Why longer responses to "So, tell me about yourself" are better
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... or some version of that is one of the most fundamental and common questions asked in any first round of a Job Interview.
Hiring managers usually like to ask this question, because it allows them to assess your communication skills, hear your narrative about the highlights of your career, and lay the foundation for follow-up questions.
The conventional expert opinion is to provide a crisp, 30 second to 1-minute answer to the question "Tell me about yourself", but one minute isn’t enough time to deliver a meaningful response that benefits you as a candidate.
Experts prefer a short answer, as it has less chance of leading the candidate to drift or ramble.
SIMILAR ARTICLES & IDEAS:
Your purpose to the question "tell me about yourself" is to give just enough details of yourself to spark the interest of the interviewer.
Answering this question gives you a great opportunity to spotlight the skills and experience that make you the ideal candidate for the job.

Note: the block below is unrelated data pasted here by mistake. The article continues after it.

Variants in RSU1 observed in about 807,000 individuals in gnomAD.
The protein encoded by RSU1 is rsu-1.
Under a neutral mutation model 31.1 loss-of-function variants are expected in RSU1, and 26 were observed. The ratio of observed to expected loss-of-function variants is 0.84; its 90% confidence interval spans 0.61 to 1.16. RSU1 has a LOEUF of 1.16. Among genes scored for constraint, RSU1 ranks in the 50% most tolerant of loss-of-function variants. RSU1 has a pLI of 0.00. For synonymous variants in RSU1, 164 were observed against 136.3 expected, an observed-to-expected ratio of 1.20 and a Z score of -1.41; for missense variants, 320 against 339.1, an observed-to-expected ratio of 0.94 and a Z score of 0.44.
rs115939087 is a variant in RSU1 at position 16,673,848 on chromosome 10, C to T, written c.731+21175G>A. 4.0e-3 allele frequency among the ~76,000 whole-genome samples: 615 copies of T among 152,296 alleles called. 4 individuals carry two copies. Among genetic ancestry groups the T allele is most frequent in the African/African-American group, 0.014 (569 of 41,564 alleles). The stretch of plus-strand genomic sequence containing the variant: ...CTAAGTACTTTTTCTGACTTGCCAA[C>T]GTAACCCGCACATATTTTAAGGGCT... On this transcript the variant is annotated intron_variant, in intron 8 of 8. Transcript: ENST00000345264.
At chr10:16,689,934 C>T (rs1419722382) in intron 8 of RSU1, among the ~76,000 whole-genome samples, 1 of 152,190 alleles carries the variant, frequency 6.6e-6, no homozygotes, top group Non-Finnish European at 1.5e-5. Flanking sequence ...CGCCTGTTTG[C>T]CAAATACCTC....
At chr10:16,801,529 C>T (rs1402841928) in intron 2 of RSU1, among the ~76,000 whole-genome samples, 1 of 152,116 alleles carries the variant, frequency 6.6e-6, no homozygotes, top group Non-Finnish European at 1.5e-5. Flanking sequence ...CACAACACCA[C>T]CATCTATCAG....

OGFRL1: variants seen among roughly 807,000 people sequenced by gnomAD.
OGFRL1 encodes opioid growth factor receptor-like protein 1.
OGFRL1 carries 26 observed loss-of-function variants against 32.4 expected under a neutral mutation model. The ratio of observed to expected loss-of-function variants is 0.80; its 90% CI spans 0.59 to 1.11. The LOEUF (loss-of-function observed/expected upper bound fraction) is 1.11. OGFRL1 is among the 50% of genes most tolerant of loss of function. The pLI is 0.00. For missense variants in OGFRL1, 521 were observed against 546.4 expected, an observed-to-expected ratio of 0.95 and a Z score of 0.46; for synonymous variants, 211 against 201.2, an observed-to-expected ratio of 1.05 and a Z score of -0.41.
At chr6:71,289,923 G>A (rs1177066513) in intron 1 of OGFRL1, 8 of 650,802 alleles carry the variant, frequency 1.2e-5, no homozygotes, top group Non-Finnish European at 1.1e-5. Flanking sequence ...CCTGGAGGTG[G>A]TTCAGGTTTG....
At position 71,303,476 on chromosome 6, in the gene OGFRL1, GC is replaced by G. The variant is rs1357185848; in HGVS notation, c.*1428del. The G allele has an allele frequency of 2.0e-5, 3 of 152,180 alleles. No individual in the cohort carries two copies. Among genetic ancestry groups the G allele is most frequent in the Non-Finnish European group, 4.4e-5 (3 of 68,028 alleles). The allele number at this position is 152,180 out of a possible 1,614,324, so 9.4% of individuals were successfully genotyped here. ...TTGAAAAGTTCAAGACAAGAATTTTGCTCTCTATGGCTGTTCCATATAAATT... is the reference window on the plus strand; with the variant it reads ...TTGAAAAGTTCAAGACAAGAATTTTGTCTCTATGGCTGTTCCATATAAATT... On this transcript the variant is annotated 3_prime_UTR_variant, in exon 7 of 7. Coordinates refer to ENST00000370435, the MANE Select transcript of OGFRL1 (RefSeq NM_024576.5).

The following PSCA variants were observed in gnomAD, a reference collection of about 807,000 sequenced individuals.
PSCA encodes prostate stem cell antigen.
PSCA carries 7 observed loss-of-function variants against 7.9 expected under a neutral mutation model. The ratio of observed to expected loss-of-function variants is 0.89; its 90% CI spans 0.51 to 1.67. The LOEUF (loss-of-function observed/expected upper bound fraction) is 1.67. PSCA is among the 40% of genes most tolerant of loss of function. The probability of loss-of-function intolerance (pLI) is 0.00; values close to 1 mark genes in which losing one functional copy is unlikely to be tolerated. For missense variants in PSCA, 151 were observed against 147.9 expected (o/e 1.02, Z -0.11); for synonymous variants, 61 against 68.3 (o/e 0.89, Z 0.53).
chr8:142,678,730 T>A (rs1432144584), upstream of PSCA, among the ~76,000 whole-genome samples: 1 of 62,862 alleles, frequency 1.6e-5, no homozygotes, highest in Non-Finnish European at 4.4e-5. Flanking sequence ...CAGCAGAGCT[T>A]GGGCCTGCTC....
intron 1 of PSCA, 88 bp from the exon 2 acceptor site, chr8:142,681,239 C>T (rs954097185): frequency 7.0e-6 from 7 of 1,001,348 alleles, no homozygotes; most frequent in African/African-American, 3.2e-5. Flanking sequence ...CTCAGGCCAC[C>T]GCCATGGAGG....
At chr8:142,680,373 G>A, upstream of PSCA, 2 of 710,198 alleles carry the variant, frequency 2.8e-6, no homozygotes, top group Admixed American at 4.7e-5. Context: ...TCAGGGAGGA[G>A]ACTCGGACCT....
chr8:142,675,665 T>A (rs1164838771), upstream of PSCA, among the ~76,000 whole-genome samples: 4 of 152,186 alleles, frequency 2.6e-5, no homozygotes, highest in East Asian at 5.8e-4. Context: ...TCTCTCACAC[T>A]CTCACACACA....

... is one of the interview questions that most intimidates job seekers and one that most interviewers assume will be easy. It sounds straightforward — but as every job seeker knows, it...
"Tell me about yourself" doesn’t mean “give me your complete history from birth until today.” It doesn’t even mean “walk me through your work history.” It means “give me a brief overview of who you are as a professional.”
Interviewers who ask this question are generally looking to get a broad overview of how you see yourself, as a sort of introduction or an icebreaker before starting to dive into the specifics.
This introductory question serves as an icebreaker to lend an easy flow to the conversation. It helps the recruiter to get to know you in terms of hard and soft skills.
It’s a great op...
Interviewers want to know how your answer about yourself is relevant to the position and company you’re applying for.
This is an opportunity to articulate why you’re interested and how your objective fulfills their goals. In order to do that, spend some time researching the company. If your answers resonate with them, it shows that you really understand the role.
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